The number of obese adults globally has grown by over 600 percent in the last 40 years, and if trends since 2000 continue, about 20 percent of the world’s adult population will be obese by 2025, according to research published in the Lancet medical journal. The world’s obese population already outnumbers people who are underweight, the study pointed out.
The world had 640 million obese adults in 2014, up more than sixfold from 1975, when the number stood at 105 million. Global prevalence of obesity was 10.8 percent among men and 14.9 percent among women in 2014, and given the trends of the last 15 years, 18 percent of men and 21 percent of women are projected to be obese by 2025.
Obesity is clinically defined as a body mass index of over 30. BMI is calculated by dividing a person’s height (measured in meters) by the square of the person’s weight (measured in kilograms). For example, if you weigh 80 kg and stand 1.8 m tall, your BMI would be 80 ÷ (1.8 × 1.8), or 24.69, which is at the high end of the normal range.
The Lancet research also estimated that about 6 percent of men and 9 percent of women worldwide will be severely obese (BMI higher than 35) by 2025.
Men and women in high-income English-speaking countries had substantially higher BMIs than their counterparts elsewhere. Six countries — Australia, Canada, New Zealand, Republic of Ireland, the United Kingdom and the United States — accounted for 118 million, or more than a fifth, of the world’s obese population in 2014.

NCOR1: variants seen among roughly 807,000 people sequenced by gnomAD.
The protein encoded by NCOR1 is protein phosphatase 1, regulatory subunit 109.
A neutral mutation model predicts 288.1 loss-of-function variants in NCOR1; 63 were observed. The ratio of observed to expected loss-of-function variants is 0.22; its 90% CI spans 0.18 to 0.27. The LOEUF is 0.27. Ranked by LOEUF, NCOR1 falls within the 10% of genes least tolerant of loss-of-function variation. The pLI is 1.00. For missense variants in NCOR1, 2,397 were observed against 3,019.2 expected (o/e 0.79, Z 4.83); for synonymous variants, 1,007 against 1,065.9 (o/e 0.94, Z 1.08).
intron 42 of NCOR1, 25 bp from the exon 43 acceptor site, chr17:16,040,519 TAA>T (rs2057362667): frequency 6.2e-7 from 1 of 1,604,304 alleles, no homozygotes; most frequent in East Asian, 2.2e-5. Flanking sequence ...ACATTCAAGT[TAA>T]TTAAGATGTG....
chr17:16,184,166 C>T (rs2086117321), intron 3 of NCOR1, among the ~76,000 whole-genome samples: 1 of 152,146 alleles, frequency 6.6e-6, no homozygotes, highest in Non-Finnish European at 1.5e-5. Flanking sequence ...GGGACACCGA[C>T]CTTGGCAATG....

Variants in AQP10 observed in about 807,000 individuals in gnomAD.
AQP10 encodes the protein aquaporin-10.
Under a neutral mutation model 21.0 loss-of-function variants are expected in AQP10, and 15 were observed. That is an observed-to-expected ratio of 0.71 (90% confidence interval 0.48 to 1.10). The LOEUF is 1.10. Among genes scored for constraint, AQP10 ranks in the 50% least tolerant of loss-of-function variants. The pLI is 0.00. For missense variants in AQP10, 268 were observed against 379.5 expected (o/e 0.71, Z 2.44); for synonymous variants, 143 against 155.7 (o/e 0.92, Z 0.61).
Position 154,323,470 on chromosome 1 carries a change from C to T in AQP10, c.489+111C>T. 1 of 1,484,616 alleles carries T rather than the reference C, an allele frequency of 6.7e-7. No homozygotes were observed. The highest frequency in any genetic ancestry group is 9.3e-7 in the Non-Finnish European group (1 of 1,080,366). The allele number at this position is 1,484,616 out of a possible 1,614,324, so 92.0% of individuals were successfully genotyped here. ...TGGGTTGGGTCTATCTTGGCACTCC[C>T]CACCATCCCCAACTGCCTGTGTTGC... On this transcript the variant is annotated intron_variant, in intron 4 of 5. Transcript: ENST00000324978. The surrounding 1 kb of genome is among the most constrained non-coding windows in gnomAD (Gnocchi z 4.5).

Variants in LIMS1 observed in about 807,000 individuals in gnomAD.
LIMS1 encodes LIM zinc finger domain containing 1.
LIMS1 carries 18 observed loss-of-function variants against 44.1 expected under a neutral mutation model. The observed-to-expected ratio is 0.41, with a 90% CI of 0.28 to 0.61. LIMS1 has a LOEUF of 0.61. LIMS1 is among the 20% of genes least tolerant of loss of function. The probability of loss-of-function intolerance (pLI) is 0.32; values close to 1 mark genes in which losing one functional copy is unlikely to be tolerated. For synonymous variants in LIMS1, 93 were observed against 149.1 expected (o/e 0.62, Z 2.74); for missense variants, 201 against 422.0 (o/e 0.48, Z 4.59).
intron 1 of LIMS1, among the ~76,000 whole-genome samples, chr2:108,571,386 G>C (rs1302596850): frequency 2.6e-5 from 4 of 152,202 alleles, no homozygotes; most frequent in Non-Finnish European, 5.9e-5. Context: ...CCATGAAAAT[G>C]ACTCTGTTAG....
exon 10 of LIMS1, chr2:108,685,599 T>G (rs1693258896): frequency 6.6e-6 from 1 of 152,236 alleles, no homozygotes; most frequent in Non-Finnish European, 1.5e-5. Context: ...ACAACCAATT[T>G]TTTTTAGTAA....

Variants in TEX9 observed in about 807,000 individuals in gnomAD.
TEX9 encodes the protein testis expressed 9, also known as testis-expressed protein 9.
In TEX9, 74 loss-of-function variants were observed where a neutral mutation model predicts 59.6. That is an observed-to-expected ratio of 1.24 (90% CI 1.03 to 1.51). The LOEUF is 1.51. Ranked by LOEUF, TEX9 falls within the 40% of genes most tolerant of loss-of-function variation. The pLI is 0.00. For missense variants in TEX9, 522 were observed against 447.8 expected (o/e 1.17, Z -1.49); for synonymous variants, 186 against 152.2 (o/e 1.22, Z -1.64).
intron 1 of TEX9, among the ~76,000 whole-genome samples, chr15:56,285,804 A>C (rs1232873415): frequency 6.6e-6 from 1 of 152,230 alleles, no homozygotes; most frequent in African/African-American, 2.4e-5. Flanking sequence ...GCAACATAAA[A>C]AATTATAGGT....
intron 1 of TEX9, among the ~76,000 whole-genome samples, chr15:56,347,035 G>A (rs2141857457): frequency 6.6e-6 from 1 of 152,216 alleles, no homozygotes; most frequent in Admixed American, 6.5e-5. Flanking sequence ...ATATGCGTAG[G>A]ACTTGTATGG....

However, China tops the list, with the highest number of obese people — 43.2 million men and 46.4 million women. The United States, with 41.7 million obese men and 46.1 million obese women, came in second. As a percentage of population, the U.S. has a far higher number of obese adults than China.
The highest percentage of obesity among populations was found in the islands of Polynesia and Micronesia, where over 38 percent of men and more than half the women are obese.
The study also found that the number of underweight people in the world fell by over a third in the same time period. About 8.8 percent of men and 9.7 percent of women were underweight in 2014. While warning for the need to tackle the epidemic of obesity, the study also said that underweight concerns remain significant in some parts of the world, especially in South Asia.
Data was pooled from 186 countries for the study, which involved more than 19.2 million adult participants.